Adapt or Die

Illustration by Ken Davis

THIS YEAR IS shaping up to be one of enormous transition, although nothing specific comes to mind right now. I’ve just got this gut feeling. But the word that will best guide us through the coming changes may be “adaptation,” which my copy of the Merriam-Webster Dictionary defines as “the process of changing to fit some purpose or situation.” My copy of the dictionary also wants me to know how grateful it is to be picked up from behind the bookshelf where it had fallen years ago. It wedged against a hot-water pipe and got kind of u-shaped.

It actually felt good to look up something in hard copy, even if the pages were warm and wrinkled. But using Google is much faster, even subtracting the time it takes to first sing the alphabet song to remind me what order the letters are in. The point is, dramatic changes will be happening to our world, and we either adapt to them or die.

Okay, maybe not die. But when Brand New becomes No Turning Back, there’s no point in resisting. This year, for better or worse, “I don’t wanna” will become “but I hadda.”

My family has already started making the necessary changes. We have no fireplace in our home, since our house was built before the discovery of fire, and thus we have no chimney for Santa to come down. But last Christmas we adapted. We hung the stockings from the microwave, then left the door open and hoped for the best.

That was last year. Sometime this year a pizza will be delivered by pilotless drone. It will be a technological breakthrough, a revolution in the future of commerce. And it will be cold. Get used to it. (And when you pass a Domino’s, duck.)

Then there are those Google Glass(es), wearable technology that will make smart phones obsolete in less time than it takes to look up “Microsoft” in a dictionary. Which means the cheap flip phone I currently use is totally lame, and that’s too bad because I was finally learning how to text. (First rule: Have something to say. Who knew?)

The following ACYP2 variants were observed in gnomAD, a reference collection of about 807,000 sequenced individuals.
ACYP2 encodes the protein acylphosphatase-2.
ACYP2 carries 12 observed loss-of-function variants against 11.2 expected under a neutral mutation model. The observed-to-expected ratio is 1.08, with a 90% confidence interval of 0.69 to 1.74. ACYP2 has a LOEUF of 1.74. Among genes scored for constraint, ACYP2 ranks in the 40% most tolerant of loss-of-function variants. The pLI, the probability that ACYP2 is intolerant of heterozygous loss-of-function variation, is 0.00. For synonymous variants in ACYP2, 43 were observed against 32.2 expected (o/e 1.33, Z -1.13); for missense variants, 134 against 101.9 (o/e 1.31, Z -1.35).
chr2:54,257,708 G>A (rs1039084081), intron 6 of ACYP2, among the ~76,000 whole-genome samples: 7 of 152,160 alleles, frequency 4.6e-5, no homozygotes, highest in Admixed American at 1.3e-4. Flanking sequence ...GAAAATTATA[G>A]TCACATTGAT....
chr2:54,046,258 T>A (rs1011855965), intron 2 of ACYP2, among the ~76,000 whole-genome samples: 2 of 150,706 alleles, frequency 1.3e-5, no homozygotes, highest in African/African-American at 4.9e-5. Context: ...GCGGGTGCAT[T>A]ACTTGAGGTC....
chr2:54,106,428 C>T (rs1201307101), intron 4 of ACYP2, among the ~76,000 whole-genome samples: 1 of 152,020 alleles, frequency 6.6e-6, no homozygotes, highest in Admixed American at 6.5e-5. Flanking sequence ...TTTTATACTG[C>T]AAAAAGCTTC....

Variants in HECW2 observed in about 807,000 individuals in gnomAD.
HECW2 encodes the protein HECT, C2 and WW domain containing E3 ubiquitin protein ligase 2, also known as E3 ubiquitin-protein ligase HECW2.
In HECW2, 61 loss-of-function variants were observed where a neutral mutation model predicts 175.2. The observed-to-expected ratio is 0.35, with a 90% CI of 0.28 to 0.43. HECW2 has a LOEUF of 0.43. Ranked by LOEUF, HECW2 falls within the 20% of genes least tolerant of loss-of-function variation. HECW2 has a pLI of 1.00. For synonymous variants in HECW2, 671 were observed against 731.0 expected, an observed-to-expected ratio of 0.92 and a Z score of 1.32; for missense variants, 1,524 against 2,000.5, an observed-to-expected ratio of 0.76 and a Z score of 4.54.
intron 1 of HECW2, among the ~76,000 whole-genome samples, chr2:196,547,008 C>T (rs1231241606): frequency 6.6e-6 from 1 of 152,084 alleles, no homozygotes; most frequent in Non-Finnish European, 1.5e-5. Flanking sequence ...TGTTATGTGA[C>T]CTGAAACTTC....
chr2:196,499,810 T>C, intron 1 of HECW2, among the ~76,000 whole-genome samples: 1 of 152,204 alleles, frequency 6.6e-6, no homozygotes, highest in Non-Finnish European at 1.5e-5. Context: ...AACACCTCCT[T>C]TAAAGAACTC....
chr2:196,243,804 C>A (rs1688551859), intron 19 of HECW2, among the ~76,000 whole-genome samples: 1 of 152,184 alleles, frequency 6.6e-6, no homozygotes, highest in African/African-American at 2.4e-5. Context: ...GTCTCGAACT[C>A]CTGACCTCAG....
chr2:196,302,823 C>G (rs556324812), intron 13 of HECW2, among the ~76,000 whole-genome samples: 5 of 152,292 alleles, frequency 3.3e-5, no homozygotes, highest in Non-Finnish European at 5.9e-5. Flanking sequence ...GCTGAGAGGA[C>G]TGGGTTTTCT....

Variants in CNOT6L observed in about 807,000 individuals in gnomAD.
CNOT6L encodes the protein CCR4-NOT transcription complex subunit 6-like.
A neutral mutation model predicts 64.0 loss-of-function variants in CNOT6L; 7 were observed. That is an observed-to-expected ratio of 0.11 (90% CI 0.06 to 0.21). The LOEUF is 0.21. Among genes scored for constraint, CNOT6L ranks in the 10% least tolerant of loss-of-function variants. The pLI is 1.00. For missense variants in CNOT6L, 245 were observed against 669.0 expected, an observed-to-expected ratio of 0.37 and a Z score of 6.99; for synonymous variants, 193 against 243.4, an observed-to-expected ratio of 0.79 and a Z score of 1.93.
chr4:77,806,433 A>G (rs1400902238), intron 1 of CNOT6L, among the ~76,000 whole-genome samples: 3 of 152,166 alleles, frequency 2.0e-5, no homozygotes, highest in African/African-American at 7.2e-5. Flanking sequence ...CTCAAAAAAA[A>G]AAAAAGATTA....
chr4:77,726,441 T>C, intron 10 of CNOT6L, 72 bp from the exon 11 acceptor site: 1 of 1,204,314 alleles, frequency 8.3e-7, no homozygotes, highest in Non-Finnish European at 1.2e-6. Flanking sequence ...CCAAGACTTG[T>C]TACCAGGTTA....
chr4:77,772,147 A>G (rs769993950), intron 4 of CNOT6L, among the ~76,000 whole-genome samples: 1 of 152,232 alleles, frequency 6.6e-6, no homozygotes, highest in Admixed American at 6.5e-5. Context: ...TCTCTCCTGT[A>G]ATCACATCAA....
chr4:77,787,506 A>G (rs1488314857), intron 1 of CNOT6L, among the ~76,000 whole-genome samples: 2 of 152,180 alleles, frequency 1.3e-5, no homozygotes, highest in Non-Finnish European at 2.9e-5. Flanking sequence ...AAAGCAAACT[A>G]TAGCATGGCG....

Presumably, the Google Glass X-Ray Vision upgrade won’t be far behind, and that will require major changes in the ways we work and live. But mainly, we’ll have to start wearing clean underwear when we go outside. Adapt, or have your laundry habits tweeted by geeks on the street.

Even our cuisine will change. Customers in China who recently bought “Five Spice” donkey meat from a newly-opened Wal-Mart discovered it contained some fox meat. Not enough to change that great taste you expect in a good donkey meat sandwich, but people raised a stink nonetheless. (How you don’t raise a stink with donkey meat is another question.) The point is, donkey is a popular dish in many Asian countries. And since this is the Asian Century, we need to get ready to enjoy it too. Adapt, accept it, but don’t compromise your standards: When donkey meat finally makes it to Subway’s $5 foot-long menu, make sure it’s USDA certified. And check for fox.

SOCIAL CONSERVATIVES may have the hardest time adapting to this year’s changing realities. Gay marriage is here to stay—maybe even in Utah. And recreational marijuana is already legal in some states, although not without some problems during the roll-out. (They promised that if you like your dealer, you could keep your dealer.) On the first day it was legal in Colorado, customers complained about long lines and higher-than-expected prices. In other words, it was just like Room 314 in my old college dorm.

Some things actually don’t change. 

Ed Spivey Jr. is art director of Sojourners.

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